Twelve years ago, Glenda Van Rey settled into a chair at Roger's HairCraft in Lakeville, New York, ready for the usual banter about work and family with her longtime stylist during her monthly cut and color.

This time, though, the conversation was different. Her stylist, Roger Least, spotted something unusual behind her right ear.

"You should have a doctor check this out," she recalled Least telling her, as he held up a mirror to show her a flesh-colored, shiny spot the size of a nickel.

Van Rey went to a dermatologist's office, where she was told she had a scaly skin condition commonly known as adult cradle cap. When she returned to see Least the following month, he insisted she return to the doctor.

"This time, they told me that I had eczema," said Van Rey.

Least, 73, didn't buy it. At Van Rey's next appointment, he was adamant.

"Look, I'm seeing some changes in this blemish," he recalled telling her. "I'm not going to color your hair until you get a second opinion. I insist on it. Something looks off."

Van Rey went to another dermatologist. This time, a biopsy was done and Van Rey learned she had an aggressive form of melanoma.

"I know today that I probably would have died, if not for Roger," said Van Rey, 75, who required multiple surgeries and skin grafts before she was ultimately declared cancer-free.

Van Rey's story is not uncommon, according to Sandra Allten, a clinical research oncology nurse at AdventHealth Daytona Beach Cancer Institute in Florida.

Allten is spearheading an online campaign that trains hairdressers to spot potentially cancerous moles on their clients' heads. Through the Hairdresser Melanoma Challenge, she now hopes to enlist thousands of stylists to take up the front lines in the fight against skin cancer — the most common cancer worldwide, with 1 in 5 Americans developing it by age 70.

"There are over a million hairdressers out there, and each one of them is seeing an average of five or six clients a day," she said. "Think of what a difference they could make."

Although many stylists like Least are already on the lookout for unusual moles and blemishes on their clients' heads, not all have been trained in what to look for, said Allten, 59. So Eyes on Cancer, an organization that trains beauty and wellness professionals to notice potential trouble spots, allowed the Hairdresser Melanoma Challenge to use the 20-minute video they had created to help hairdressers and others.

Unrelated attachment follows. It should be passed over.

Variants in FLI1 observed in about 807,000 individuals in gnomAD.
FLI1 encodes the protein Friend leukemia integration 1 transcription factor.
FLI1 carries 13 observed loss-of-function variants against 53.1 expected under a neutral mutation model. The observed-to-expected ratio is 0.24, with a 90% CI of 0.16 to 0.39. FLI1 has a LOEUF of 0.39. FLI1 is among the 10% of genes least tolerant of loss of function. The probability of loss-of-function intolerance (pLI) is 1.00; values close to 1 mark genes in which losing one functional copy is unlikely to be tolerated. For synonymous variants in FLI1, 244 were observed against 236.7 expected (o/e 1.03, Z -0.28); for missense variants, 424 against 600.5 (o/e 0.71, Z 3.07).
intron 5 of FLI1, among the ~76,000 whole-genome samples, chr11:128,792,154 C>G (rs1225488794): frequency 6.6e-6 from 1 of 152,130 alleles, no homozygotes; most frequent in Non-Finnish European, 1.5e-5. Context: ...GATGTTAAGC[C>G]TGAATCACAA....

"Early detection and prevention is critical," said Allten, noting that the general five-year survival rate for people with Stage 4 melanoma is less than 23%. But when caught at Stage 1, the survival rate is about 99 percent, she said.

"It's such a sneaky and insidious cancer, and yet it can be preventable," Allten said. "But it sometimes takes an extra set of eyes and knowing what to look for in places that many people can't see on their own bodies."

Because hair stylists are in a unique position to examine their clients' scalps and necks, Allten's challenge is a no-brainer, said Kristina Wilson, 35, a stylist who runs Beauty by Kristina at the Skin Deep Day Spa in Cumberland, Maine.

After watching the skin cancer video online, Wilson recently spotted suspicious moles on the heads of two of her regular clients. One client's mole turned out not to be cancerous, while the other client is still awaiting test results on the greenish-brown mole that Wilson spotted on his scalp.

"While it's always nice to cut hair and make people feel good and beautiful about themselves, it's even more rewarding to know that I could potentially save somebody's life," she said.

Liza Kuhns knows that feeling. In 2014, Kuhns, a stylist at Studio 27 hair salon in Vernon, Conn., noticed an oddly shaped mole above Melissa Cole's left eyebrow while cutting her hair.

She suggested Cole get it checked out by a doctor. Cole soon learned that she had squamous cell carcinoma, a type of skin cancer.

"I'd thought it was just a form of cystic acne," said Cole, 35, who works as a makeup artist. "Thankfully, it was caught early enough that it didn't spread to my lymph nodes or metastasize."

For Least, who spotted Van Ray's flesh-colored spot that turned out to be skin cancer, he said he was so happy she beat her cancer that he now refuses to take her money for haircuts.

"She's been my client for 40 years, and I was thrilled to do what I did for her," he said. "Hairstylists don't just put hair on the floor. It's important to give clients the full treatment, since this is one of the few professions outside the medical field where you physically touch another human being."

Van Rey now has a message for everyone who regularly visits a barber or stylist: "Treat them with kindness and make sure that you listen," she said. "Having a haircut just might save your life."

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